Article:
Sales among U. S. stores went stronger than expected over the weekend causing a relief for most retailers who were expecting a bleak shopping period due to overall slowdown of the economy. However, even though the figures are up, signs of more troubles were evident. Apparently, the bargain prices which helped drove shoppers to buy were so shocking that some analysts predicted that these stores will see a much worse profit slashing from their sales in the long run.
Most retail experts consider the Friday after Thanksgiving Day as the overall barometer of retailing performance for holiday sales which basically account for at least 25 percent of their annual sales. The very indicator for these retailers came out when ShopperTrak released a report indicating a 3 percent increase of sales last Friday compared with last year’s performance. Moreover, the National Retail Federation (NRF) added that shoppers spent at least 7% more this year compared to 2007 with an average shipper spending about $372. 7 from Friday through Sunday. According to Kathy Grannis of the federation, "It seems that not only did retailers do a good job of attracting shoppers but it seems that shoppers were also excited again to take part in the tradition of Black Friday weekend. " Friday’s store sales which ranged from 50 to 70 percent will not provide better profits for retailers in the long run experts said.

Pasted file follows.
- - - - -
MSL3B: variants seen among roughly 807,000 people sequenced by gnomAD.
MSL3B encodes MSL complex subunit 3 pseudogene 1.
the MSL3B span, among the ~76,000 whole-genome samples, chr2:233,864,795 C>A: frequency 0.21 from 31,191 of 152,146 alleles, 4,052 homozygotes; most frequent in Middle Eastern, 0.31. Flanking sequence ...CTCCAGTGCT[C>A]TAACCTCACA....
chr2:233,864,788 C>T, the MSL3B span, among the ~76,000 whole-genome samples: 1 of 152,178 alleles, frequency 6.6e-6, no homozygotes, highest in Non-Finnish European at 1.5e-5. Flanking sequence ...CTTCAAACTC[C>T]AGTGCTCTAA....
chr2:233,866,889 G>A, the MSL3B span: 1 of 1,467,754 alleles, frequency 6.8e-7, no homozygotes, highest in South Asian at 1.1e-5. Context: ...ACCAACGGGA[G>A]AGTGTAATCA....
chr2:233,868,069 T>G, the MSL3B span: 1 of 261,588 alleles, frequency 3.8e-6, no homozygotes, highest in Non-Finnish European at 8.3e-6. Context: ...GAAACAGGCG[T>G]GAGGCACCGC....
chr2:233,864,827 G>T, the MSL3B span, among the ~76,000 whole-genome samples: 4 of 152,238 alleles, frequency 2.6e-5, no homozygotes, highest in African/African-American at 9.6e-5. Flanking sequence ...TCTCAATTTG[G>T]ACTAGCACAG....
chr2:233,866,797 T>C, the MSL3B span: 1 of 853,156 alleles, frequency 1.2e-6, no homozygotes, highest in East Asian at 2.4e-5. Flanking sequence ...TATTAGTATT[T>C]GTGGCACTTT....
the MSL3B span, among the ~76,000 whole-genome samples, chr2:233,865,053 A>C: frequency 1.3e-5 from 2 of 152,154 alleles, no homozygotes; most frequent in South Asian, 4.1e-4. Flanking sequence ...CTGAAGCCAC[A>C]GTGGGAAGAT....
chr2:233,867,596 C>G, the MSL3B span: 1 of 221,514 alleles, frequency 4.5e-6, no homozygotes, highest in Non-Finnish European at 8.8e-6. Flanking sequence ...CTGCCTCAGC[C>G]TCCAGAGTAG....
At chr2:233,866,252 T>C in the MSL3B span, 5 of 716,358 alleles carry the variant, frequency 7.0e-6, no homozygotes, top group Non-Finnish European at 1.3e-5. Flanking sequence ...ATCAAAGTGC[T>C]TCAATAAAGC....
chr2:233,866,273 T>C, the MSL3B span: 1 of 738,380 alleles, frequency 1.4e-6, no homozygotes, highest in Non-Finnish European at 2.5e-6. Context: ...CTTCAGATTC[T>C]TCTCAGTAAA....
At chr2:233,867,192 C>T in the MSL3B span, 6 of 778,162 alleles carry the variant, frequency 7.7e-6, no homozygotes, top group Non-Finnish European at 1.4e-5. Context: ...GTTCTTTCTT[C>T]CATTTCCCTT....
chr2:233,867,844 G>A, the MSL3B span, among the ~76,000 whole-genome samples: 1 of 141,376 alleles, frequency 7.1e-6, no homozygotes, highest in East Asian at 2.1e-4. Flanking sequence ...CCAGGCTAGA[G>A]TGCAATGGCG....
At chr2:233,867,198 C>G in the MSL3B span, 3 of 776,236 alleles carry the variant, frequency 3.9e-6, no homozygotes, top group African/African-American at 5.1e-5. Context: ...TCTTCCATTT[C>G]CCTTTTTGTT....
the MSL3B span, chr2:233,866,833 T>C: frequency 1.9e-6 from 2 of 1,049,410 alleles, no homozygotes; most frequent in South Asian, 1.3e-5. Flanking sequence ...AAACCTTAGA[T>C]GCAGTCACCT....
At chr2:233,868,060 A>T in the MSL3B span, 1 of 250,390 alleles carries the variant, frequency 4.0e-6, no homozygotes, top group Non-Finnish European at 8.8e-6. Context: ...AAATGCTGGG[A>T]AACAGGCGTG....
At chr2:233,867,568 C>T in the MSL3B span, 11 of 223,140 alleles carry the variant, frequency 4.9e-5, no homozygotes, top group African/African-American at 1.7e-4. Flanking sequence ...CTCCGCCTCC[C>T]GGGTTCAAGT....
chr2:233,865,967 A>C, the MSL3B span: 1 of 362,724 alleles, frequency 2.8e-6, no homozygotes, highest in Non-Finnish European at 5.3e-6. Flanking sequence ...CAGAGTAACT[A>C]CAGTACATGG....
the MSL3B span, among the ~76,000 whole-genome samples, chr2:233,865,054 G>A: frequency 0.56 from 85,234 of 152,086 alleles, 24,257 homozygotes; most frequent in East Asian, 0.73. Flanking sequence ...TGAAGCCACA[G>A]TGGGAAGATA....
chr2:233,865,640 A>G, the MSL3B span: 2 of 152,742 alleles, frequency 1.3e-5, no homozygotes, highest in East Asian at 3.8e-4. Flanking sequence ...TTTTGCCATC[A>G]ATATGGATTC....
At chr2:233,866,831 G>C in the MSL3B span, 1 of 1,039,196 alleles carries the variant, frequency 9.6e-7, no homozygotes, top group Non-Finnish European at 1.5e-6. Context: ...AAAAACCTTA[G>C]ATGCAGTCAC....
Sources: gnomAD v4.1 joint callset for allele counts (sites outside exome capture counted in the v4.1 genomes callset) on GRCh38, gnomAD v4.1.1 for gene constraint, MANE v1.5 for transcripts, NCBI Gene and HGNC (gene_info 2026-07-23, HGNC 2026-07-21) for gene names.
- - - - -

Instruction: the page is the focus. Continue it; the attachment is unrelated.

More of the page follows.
It was such an indicator that “retailers are somewhat desperate to sell”, according to Hana Ben-Shabat, of A. T. Kearney's retail practice. NRF reported that 172 million shippers visited shops and online stores after Thanksgiving weekend which is up from 147 million shoppers last year. In general, shoppers bought low-cost items like clothes, DVDs, video game CDs and other accessories. Gift card were not as popular having a 10 percent decrease in sales.
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